How would you redesign Google’s famous logo? Children around the country took on that challenge to redesign the Google logo for a day, similar to Google’s many holiday and famous birthday themed logos. Doodle 4 Google, a competition for students all across the country in grades K-12, attracted thousands of submissions. The 40 regional finalists, including the winning entry, now have their work displayed at the Smithsonian’s Cooper-Hewitt National Design Museum on Fifth Avenue.
The exhibit is housed in the museum’s lower level. Guests descend two flights of colorful stairs and are guided by blue, green, red and yellow arrows on the walls to the exhibit room.
The room itself resembles an immaculate children’s classroom with its multicolored walls all adorned with the replica prints of the 40 regional finalists’ artwork. In the center of the room are two touch screen computers where guests, young and old, can learn about the competition and the people behind it as well as create their own doodles and e-mail it to themselves.
Around the corner there are a few multicolored bean bags laid out on the floor in front of a flat screen television where guests can relax and watch a slideshow of the 400 State Finalist’s doodles.
The exhibit is vibrant and kid friendly but the messages behind the doodles are a far more serious matter. This year’s theme was called “If I Could Do Anything, I Would…” Many of the doodles, from children as young as six, asked for things like clean drinking water for everyone, a cure for kidney cancer and equal education for all students.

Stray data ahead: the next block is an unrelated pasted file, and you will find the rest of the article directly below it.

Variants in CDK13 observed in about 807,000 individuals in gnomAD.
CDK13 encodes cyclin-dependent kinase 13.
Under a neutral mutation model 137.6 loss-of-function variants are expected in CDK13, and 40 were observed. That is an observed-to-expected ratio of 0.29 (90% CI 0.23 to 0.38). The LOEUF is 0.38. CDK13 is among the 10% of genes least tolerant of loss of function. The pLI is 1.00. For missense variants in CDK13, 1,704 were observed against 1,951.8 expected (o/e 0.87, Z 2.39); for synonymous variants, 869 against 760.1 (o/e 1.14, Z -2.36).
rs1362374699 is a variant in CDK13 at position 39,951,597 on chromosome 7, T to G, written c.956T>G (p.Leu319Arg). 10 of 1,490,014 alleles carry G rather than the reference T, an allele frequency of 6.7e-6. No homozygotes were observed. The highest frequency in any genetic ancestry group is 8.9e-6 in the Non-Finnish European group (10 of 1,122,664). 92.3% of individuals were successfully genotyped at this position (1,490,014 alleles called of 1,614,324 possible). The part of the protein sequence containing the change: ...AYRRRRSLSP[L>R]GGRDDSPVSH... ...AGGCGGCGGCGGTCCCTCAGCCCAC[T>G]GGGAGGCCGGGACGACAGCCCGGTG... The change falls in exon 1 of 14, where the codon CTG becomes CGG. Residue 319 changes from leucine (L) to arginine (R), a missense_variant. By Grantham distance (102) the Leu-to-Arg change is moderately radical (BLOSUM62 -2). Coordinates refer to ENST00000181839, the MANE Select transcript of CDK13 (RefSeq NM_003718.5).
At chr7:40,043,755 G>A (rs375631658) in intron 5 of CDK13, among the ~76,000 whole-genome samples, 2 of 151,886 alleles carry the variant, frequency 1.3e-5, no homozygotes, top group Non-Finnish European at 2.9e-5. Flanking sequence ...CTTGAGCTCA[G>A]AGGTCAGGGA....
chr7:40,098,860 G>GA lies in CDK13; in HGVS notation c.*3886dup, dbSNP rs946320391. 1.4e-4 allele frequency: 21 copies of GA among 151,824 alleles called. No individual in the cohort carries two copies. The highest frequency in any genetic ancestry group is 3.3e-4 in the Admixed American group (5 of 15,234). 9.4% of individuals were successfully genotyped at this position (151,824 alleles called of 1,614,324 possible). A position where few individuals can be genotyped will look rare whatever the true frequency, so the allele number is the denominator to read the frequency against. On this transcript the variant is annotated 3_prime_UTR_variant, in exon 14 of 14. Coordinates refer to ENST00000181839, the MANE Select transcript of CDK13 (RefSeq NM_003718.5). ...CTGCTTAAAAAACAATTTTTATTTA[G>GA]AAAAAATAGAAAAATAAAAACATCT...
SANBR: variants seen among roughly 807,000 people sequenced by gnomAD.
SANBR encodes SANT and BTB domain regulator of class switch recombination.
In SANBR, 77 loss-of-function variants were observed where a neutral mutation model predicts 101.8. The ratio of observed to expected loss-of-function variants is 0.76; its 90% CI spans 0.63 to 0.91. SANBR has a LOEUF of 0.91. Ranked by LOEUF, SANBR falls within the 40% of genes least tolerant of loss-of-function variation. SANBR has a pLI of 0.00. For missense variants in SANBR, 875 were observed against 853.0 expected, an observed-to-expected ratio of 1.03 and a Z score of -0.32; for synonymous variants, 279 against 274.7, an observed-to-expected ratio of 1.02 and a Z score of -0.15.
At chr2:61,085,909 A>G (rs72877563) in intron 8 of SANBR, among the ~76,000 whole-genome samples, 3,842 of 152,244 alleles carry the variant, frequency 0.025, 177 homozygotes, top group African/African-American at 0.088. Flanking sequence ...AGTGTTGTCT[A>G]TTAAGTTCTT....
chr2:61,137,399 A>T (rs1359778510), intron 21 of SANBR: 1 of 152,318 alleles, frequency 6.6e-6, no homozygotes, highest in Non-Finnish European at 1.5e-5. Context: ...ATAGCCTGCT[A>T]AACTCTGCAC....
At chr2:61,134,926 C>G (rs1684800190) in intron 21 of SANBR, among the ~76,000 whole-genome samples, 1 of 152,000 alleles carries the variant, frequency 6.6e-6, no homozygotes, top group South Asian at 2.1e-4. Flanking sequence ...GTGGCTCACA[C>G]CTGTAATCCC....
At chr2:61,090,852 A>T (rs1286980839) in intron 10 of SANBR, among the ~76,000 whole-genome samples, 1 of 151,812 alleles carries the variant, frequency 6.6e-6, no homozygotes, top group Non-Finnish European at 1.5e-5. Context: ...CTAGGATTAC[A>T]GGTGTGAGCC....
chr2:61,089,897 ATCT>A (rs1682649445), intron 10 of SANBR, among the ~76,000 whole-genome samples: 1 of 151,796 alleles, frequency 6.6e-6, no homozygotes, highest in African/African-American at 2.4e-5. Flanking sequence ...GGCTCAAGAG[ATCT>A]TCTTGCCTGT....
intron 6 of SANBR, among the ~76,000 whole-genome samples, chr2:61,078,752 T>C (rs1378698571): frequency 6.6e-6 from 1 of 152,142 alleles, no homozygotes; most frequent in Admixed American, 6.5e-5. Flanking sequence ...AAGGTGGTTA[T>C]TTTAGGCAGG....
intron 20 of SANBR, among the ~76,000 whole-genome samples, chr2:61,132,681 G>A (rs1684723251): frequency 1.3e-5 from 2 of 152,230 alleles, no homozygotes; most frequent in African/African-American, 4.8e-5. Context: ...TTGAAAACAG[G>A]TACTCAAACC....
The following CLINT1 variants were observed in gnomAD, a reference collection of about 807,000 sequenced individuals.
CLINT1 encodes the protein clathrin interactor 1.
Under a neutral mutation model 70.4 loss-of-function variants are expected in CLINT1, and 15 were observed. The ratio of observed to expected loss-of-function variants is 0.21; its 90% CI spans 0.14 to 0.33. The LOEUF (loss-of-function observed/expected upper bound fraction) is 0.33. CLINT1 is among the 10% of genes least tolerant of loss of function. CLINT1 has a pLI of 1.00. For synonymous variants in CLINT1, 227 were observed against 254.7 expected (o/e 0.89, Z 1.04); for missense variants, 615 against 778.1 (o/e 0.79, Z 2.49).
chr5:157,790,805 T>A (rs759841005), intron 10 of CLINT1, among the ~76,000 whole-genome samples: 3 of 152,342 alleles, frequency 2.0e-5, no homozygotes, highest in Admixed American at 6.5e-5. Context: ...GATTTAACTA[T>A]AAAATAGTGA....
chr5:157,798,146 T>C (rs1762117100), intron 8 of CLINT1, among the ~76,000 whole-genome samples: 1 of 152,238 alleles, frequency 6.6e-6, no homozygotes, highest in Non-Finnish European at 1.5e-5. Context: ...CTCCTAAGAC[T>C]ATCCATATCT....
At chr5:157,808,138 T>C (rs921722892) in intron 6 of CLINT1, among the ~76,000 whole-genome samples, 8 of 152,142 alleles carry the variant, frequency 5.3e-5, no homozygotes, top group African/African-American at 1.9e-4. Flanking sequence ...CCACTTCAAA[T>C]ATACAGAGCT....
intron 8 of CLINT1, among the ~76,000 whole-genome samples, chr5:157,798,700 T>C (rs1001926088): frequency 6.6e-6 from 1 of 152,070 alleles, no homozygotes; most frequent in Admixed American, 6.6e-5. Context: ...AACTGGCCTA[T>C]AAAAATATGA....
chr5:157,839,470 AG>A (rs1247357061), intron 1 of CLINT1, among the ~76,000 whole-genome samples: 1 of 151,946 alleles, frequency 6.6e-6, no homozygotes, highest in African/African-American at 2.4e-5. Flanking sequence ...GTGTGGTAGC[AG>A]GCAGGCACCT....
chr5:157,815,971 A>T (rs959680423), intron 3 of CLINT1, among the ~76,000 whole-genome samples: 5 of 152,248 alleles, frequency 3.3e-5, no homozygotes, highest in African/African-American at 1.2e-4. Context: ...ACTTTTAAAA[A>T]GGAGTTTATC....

The 2010 National Winner is 9-year-old third grader Makenzie Melton from El Dorado Springs, Missouri. Melton created a doodle called “Rainforest Habitat.” “I chose this doodle because the rainforest is in danger and it is not fair to the plants and animals. I love everything except spiders and snakes, but I would still save them,” wrote Melton in her artist statement.
Melton’s winning doodle appeared on the Google homepage on May 27, 2010. She also received a $15,000 college scholarship, a netbook computer and a $25,000 technology grant for a new computer lab at her school.
It’s been a long journey for the students in the Doodle 4 Google competition. Over 33,000 entries were submitted to the competition and that was later narrowed down to 400 State Finalists; in each state there were two from each age group. The 400 State Finalists were once again narrowed down to 40 Regional Finalists by a panel of “Expert Jurors.” The 40 doodles were put to a public vote on the Google.com website and narrowed down to just four finalists from whom Melton was chosen as the winner.
The Doodle 4 Google exhibit will be on display at the Cooper-Hewitt National Design Museum until August 15, 2010. For more information on the Doodle 4 Google competition, history or how you can get your child’s school involved visit www.google.com/doodle4google
El Dorado Springs R-2 Schools
El Dorado Springs, Missouri
Nellie Mae GlassElementary
Eagle Pass, Texas
Save Our Rainforest
Heritage Home School Academy
Long Valley, New Jersey
The Love of Art
Highlands, North Carolina